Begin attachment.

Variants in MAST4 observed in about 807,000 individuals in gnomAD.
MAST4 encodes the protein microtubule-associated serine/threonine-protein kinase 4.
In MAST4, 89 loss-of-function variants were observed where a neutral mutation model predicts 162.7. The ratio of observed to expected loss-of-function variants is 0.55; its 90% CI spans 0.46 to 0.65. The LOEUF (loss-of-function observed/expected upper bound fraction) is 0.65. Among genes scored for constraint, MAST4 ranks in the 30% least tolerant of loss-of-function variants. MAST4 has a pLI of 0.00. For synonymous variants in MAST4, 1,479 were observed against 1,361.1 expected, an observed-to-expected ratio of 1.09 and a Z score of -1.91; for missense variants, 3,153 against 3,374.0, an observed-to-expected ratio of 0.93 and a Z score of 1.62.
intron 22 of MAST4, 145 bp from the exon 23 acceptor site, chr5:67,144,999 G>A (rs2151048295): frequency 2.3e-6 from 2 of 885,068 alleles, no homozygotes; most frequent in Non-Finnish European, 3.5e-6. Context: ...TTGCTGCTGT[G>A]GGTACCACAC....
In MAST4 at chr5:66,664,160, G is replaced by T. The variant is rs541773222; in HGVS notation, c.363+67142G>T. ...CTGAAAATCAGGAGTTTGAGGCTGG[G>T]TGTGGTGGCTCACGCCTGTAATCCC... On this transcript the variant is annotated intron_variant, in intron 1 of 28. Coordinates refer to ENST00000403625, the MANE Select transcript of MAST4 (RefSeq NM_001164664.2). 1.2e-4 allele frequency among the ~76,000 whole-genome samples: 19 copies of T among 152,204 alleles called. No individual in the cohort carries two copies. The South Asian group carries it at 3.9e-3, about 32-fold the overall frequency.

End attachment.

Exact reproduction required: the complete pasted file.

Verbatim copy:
Variants in MAST4 observed in about 807,000 individuals in gnomAD.
MAST4 encodes the protein microtubule-associated serine/threonine-protein kinase 4.
In MAST4, 89 loss-of-function variants were observed where a neutral mutation model predicts 162.7. The ratio of observed to expected loss-of-function variants is 0.55; its 90% CI spans 0.46 to 0.65. The LOEUF (loss-of-function observed/expected upper bound fraction) is 0.65. Among genes scored for constraint, MAST4 ranks in the 30% least tolerant of loss-of-function variants. MAST4 has a pLI of 0.00. For synonymous variants in MAST4, 1,479 were observed against 1,361.1 expected, an observed-to-expected ratio of 1.09 and a Z score of -1.91; for missense variants, 3,153 against 3,374.0, an observed-to-expected ratio of 0.93 and a Z score of 1.62.
intron 22 of MAST4, 145 bp from the exon 23 acceptor site, chr5:67,144,999 G>A (rs2151048295): frequency 2.3e-6 from 2 of 885,068 alleles, no homozygotes; most frequent in Non-Finnish European, 3.5e-6. Context: ...TTGCTGCTGT[G>A]GGTACCACAC....
In MAST4 at chr5:66,664,160, G is replaced by T. The variant is rs541773222; in HGVS notation, c.363+67142G>T. ...CTGAAAATCAGGAGTTTGAGGCTGG[G>T]TGTGGTGGCTCACGCCTGTAATCCC... On this transcript the variant is annotated intron_variant, in intron 1 of 28. Coordinates refer to ENST00000403625, the MANE Select transcript of MAST4 (RefSeq NM_001164664.2). 1.2e-4 allele frequency among the ~76,000 whole-genome samples: 19 copies of T among 152,204 alleles called. No individual in the cohort carries two copies. The South Asian group carries it at 3.9e-3, about 32-fold the overall frequency.